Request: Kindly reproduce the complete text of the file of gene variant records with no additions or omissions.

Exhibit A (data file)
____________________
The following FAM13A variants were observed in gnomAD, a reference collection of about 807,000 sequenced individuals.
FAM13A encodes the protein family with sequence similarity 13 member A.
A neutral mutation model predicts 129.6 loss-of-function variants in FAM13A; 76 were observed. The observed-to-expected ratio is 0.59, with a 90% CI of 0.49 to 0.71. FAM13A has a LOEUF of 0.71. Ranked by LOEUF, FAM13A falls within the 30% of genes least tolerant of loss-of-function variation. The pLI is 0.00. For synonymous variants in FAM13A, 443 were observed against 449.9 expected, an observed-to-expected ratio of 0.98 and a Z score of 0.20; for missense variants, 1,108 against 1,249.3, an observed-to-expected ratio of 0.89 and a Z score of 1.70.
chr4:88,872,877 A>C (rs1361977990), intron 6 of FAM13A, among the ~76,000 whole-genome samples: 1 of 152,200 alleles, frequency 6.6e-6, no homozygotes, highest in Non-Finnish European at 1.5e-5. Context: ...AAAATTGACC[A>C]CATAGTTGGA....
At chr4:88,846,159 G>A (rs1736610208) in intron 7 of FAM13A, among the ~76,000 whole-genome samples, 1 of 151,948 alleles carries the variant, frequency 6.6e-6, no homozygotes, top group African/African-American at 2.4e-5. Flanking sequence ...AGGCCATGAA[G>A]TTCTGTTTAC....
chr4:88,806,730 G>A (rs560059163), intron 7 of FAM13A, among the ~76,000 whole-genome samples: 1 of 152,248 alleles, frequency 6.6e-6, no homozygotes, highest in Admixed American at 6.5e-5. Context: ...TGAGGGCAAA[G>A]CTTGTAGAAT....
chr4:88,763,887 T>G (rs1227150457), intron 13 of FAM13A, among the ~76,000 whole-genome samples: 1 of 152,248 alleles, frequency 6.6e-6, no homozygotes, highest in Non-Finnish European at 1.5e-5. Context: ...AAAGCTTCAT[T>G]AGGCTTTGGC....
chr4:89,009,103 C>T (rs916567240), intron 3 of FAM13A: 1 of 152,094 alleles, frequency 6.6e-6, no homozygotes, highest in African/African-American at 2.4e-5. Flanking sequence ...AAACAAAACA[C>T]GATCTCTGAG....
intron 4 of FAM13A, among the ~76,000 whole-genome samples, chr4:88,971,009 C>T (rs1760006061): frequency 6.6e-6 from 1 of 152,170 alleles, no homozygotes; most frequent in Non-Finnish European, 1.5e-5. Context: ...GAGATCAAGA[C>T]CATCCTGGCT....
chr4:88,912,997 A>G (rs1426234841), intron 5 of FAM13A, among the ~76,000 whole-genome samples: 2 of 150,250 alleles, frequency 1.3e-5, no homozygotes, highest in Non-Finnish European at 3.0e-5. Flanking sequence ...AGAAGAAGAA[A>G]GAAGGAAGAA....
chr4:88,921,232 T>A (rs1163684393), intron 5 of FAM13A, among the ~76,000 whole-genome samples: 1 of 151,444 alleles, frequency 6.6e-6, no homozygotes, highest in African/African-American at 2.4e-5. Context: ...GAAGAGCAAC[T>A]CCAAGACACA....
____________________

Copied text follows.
The following FAM13A variants were observed in gnomAD, a reference collection of about 807,000 sequenced individuals.
FAM13A encodes the protein family with sequence similarity 13 member A.
A neutral mutation model predicts 129.6 loss-of-function variants in FAM13A; 76 were observed. The observed-to-expected ratio is 0.59, with a 90% CI of 0.49 to 0.71. FAM13A has a LOEUF of 0.71. Ranked by LOEUF, FAM13A falls within the 30% of genes least tolerant of loss-of-function variation. The pLI is 0.00. For synonymous variants in FAM13A, 443 were observed against 449.9 expected, an observed-to-expected ratio of 0.98 and a Z score of 0.20; for missense variants, 1,108 against 1,249.3, an observed-to-expected ratio of 0.89 and a Z score of 1.70.
chr4:88,872,877 A>C (rs1361977990), intron 6 of FAM13A, among the ~76,000 whole-genome samples: 1 of 152,200 alleles, frequency 6.6e-6, no homozygotes, highest in Non-Finnish European at 1.5e-5. Context: ...AAAATTGACC[A>C]CATAGTTGGA....
At chr4:88,846,159 G>A (rs1736610208) in intron 7 of FAM13A, among the ~76,000 whole-genome samples, 1 of 151,948 alleles carries the variant, frequency 6.6e-6, no homozygotes, top group African/African-American at 2.4e-5. Flanking sequence ...AGGCCATGAA[G>A]TTCTGTTTAC....
chr4:88,806,730 G>A (rs560059163), intron 7 of FAM13A, among the ~76,000 whole-genome samples: 1 of 152,248 alleles, frequency 6.6e-6, no homozygotes, highest in Admixed American at 6.5e-5. Context: ...TGAGGGCAAA[G>A]CTTGTAGAAT....
chr4:88,763,887 T>G (rs1227150457), intron 13 of FAM13A, among the ~76,000 whole-genome samples: 1 of 152,248 alleles, frequency 6.6e-6, no homozygotes, highest in Non-Finnish European at 1.5e-5. Context: ...AAAGCTTCAT[T>G]AGGCTTTGGC....
chr4:89,009,103 C>T (rs916567240), intron 3 of FAM13A: 1 of 152,094 alleles, frequency 6.6e-6, no homozygotes, highest in African/African-American at 2.4e-5. Flanking sequence ...AAACAAAACA[C>T]GATCTCTGAG....
intron 4 of FAM13A, among the ~76,000 whole-genome samples, chr4:88,971,009 C>T (rs1760006061): frequency 6.6e-6 from 1 of 152,170 alleles, no homozygotes; most frequent in Non-Finnish European, 1.5e-5. Context: ...GAGATCAAGA[C>T]CATCCTGGCT....
chr4:88,912,997 A>G (rs1426234841), intron 5 of FAM13A, among the ~76,000 whole-genome samples: 2 of 150,250 alleles, frequency 1.3e-5, no homozygotes, highest in Non-Finnish European at 3.0e-5. Flanking sequence ...AGAAGAAGAA[A>G]GAAGGAAGAA....
chr4:88,921,232 T>A (rs1163684393), intron 5 of FAM13A, among the ~76,000 whole-genome samples: 1 of 151,444 alleles, frequency 6.6e-6, no homozygotes, highest in African/African-American at 2.4e-5. Context: ...GAAGAGCAAC[T>A]CCAAGACACA....